disseminated HL is trx with what> chemotherapy: MOPP (mechloraethamin, vinicristine, prednisone, procarbazine)
Nodular sclerosis type of HL females, mediastinal masses, most common HL, lacunar cells, collagen bands, lower cerv/supraclav/mediastinal LN, rarely ass with EBV, young adults, CD15/30+, excellent prx
young females with mediastinal masses, concerning HL nodular sclerosis
Mixed Cellularity? males, older age, systemic symtpoms, advanced tumor stage, T cell pred background, strong EBV-ass in RSCs(70%), CD15/30+, mononuclear variant+RSCs, diffuse effacement of LN, 25% of cases, good prx
In HL, _____ comprises 75% of cases, whereas ____ comprises 25%. nodular sclerosis, mixed cellularity
Which HL involve youngsters? nodular sclerosis, lymphocyte predominant
Lymphocyte Rich type of HL? uncommon form of classic HL, reactive lymphocytes make up the majority of cell infiltrate, EBV ass (40%), good prx
Lymphocyte Depletion Type of HL? least common form <5%, paucisity of lymphocytes and a relative abundance of RSCs or their variants, older pts, HIV+, EBV ass, advanced stages, systemic symptoms, outcome less favorable
Lymphocyte Predominant Type of HL? uncommon (5%), male, usually younger than 35yo, popcorn cell (RSC--LH variants), B cell like, CD20+, CD15/30-, background of Blymphocytes only, RADIOSENSITIVE, localized ds, germinal center B cell origin (Bcl 6, somat mut), NO EBV, LAD, recur, excel prx
EBV is frequently involved in the episome of the RSC in HL, esp in ______? mixed cellularity
What do RSCs secrete for specific cell backgrounds? cytokines: IL5 (eosinophils), TGF-beta (fibrosis in NS)
What does RSC secrete that causes fibrosis in nodular sclerosis? TGF-beta
what attracts eosinophils, released by RSCs in HL? IL5
EBV episome is associated with transformation in HL in which types? it is not associated with which type? nodular sclerosis and mixed cellularity; lymphocyte predominant
Which types of HL are more likely to present with disseminated disease (liekly to have advanced stage and night sweats/weight loss? mixed cellularity, lymphocyte depletion
What is a RARE paraneoplastic syndrome specific to HL? pain in LN upon consumption of alcohol
Pt has pain in LN when drinking alcohol? HL (paraneoplastic syndrome)
How are HL and NHL different? HL (localized, contiguous spread, neck/mediastinum, rarely extranodal, MOPP tx) NHL (disseminated, non-contiguous spread, any site involved, usually extranodal, CHOP tx)
what helps T cells mature in the thymus? Hassals corpuscles
How are T cell neoplasms different than B cell neoplasms? almost always have genralized adenopathy, more aggressive, have higher rate of relapse than B cell NHL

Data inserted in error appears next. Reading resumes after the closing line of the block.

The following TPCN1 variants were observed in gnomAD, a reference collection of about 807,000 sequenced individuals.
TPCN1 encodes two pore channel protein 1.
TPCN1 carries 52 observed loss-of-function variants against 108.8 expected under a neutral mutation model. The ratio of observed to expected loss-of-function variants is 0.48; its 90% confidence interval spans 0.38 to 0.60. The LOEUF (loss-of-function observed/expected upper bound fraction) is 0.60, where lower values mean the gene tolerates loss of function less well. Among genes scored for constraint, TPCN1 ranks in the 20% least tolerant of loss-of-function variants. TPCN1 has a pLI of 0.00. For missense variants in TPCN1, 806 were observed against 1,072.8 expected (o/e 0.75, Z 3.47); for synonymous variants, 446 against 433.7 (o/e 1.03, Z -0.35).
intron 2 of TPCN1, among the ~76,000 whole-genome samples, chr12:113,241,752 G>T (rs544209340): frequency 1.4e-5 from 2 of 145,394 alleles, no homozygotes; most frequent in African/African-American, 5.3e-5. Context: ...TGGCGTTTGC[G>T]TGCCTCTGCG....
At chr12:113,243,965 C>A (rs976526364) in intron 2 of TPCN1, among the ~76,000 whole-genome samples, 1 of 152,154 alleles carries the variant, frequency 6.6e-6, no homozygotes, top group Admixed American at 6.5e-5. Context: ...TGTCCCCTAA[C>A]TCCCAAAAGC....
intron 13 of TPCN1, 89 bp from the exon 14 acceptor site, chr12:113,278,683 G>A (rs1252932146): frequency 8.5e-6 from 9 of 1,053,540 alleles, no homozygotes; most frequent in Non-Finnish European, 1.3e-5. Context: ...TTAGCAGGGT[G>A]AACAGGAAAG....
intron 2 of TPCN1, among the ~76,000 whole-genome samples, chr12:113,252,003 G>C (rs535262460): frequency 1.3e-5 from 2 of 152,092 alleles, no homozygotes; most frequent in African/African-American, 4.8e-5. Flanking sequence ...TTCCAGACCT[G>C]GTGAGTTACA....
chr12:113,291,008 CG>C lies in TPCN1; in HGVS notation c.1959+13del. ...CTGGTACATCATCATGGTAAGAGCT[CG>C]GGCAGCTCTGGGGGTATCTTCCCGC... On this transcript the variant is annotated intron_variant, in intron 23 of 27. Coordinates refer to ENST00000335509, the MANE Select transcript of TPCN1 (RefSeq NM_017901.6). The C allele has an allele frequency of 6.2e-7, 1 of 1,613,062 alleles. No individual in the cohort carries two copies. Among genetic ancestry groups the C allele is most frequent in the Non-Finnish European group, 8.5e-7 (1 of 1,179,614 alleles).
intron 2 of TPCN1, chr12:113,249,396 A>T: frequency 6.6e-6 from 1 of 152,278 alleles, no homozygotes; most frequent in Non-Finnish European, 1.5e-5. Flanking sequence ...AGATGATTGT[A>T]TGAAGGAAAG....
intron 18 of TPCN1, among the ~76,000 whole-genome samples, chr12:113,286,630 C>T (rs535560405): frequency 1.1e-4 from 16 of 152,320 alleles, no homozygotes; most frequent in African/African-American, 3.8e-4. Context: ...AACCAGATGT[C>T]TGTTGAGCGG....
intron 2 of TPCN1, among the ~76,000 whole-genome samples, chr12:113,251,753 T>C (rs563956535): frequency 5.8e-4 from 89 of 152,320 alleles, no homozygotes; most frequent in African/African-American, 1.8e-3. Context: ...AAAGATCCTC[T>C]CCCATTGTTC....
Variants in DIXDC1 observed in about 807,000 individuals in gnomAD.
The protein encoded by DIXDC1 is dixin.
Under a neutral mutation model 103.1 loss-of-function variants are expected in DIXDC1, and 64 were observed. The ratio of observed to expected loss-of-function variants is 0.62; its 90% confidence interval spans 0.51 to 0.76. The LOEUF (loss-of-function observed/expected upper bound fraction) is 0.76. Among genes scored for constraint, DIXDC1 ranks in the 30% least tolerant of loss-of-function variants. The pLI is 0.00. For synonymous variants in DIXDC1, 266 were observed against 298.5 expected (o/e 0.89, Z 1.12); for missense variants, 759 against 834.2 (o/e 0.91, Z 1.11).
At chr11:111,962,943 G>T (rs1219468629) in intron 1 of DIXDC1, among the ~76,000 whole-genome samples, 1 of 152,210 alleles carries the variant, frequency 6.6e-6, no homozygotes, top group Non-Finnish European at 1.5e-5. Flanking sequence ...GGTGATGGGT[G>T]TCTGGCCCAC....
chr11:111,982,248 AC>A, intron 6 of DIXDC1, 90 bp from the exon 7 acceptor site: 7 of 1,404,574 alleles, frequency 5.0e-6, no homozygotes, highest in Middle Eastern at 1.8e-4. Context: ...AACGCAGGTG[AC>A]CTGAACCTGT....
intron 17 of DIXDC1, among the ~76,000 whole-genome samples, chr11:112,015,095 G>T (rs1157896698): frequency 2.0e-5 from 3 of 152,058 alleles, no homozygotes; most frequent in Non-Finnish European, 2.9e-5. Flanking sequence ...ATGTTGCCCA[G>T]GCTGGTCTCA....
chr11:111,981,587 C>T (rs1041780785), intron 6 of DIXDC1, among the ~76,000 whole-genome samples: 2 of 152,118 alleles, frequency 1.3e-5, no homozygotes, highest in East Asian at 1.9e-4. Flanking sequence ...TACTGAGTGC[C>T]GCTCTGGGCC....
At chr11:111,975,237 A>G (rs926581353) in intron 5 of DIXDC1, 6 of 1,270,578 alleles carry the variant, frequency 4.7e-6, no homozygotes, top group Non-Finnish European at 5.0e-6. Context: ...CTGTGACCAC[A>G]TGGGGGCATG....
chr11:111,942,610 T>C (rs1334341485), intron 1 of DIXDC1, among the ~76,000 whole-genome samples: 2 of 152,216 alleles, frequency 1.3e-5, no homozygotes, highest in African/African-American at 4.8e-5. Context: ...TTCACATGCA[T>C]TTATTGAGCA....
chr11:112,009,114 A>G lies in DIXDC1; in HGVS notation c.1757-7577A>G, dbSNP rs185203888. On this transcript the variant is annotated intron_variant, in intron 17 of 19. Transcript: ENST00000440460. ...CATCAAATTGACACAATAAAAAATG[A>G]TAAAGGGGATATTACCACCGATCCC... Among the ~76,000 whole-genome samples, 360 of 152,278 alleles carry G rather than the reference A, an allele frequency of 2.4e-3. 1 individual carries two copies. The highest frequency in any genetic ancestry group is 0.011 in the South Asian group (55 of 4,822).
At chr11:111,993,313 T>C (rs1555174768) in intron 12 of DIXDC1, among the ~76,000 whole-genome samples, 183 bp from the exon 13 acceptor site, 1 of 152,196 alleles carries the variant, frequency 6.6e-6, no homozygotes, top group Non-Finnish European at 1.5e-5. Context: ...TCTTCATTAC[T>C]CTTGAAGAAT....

T cell neoplasms comprise what % of NHL? 20%, higher in ASIA
Cutaneous T cell Lymphoma (CTCL)? lymphocytes highly irregular, cerebriform; SKIN (mycosis fungoides); blood (Sezary syndrome: exfoliative erythroderma); CD4, prefers skin; surv 8-9yrs
Adult T cell Leukemia/Lymphoma ATCL? HTLV1 virus, CD4+, skin lesions, hypercalcemia, clover leaf cells, rapidly fatal (1year) in most despite tx, may also demyelinate brain
ALCL (anaplastic large cell lymphoma)? express CD30, bear t(2;5), Hallmark cell (horseshoe nuclei), ALK rearrangements, worse prx without ALK (adults)
What are the three categories of myeloid neoplasms? AML; myelodysplastic syndromes; chronic myeloproliferative disorders
Most of the myeloid neoplasms transfrom to more aggressive froms of disease (AML). ________ may transform to ALL. CML, a type of chronic myeloproliferative disorder
AML are classified based on degree of maturation. Explain the subclasses. MO-M3 (Myleocytic); M4-M5 (Monocytic); M6 (Erythrocytic); M7 (Megakaryocytic)
M0-M3 AML involves what cells? myelocytic/granulocytic
M4-M5 AML involves what cells? monocytic
M6 involves what cells in AML? erythrocytes
M7 AML inolves what cells? megakaryocytes
chronic myeloproliferative disorders include what subcategories? CML, polycythemia vera, essentail thrombocytopenia, myelofibrosis (agnogenic myeloid metaplasia)
Myelodysplastic syndromes include subtypes? refractory anemia, sideroblastic anemia, chronic myelomonocytic leukemia
M3 AML subtype? Acute Promyelocytic leukemia
What is used to dx AML? >20% blasts in BM, granules in blasts with auer rods, myeloperoxidase +, flow cytometry markers (CD33, CD34)
what are the clinical features of AML? marked leukocytosis (usually >100,000)
AML-M3 Acute Promyelocytic Leukemia typically ptc? bleeding due to thrombocytopenia
What is found on histology in AML-M2 Acute Promyelocutic Leuk? numerous blasts as well as abn dumbell-shaped promyelocytes with prominent azurophilic granules; blasts may contain Auer rods (Faggot cells)
What are Faggot Cells are where are they seen? Faggot Cells are blasts with numerous auer rods in APL (AML-M3)
AML-M3 (APL) results from what? t(15;17) involving retinoic acid receptor and PML genes; RAR allows myeloid differentiation, but becomes defective when transloc to PML, thus preventing differentiation.
You have a patient with AML-M3 (Acute Promyelocytic Leukemia) dx after viewing blasts with dumbless shaped promyelocytes and faggot cells on slide. You know this is from a t(15;17). Is this trx? YES. You can treat with ATRA (all trans retinoic acid) which overcomes the block in differentiation, converting accumulated promyelocytes to bands/neutrophils. May need to combine with other drugs, normally not effective alone.
You have a pt with AML-M3 Acute Promyelocytic Leukemia and you treat with ATRA (all trans retinoic acid). What will you see rise in his peripheral blood? bands/neutrophils, but they are short lived
ATRA (all trans retinoid acid) used to treat AML-M3 Acute Promyelocytic Leukemia
t(15;17) AML-M3 Acute Promyelocytic Leukemia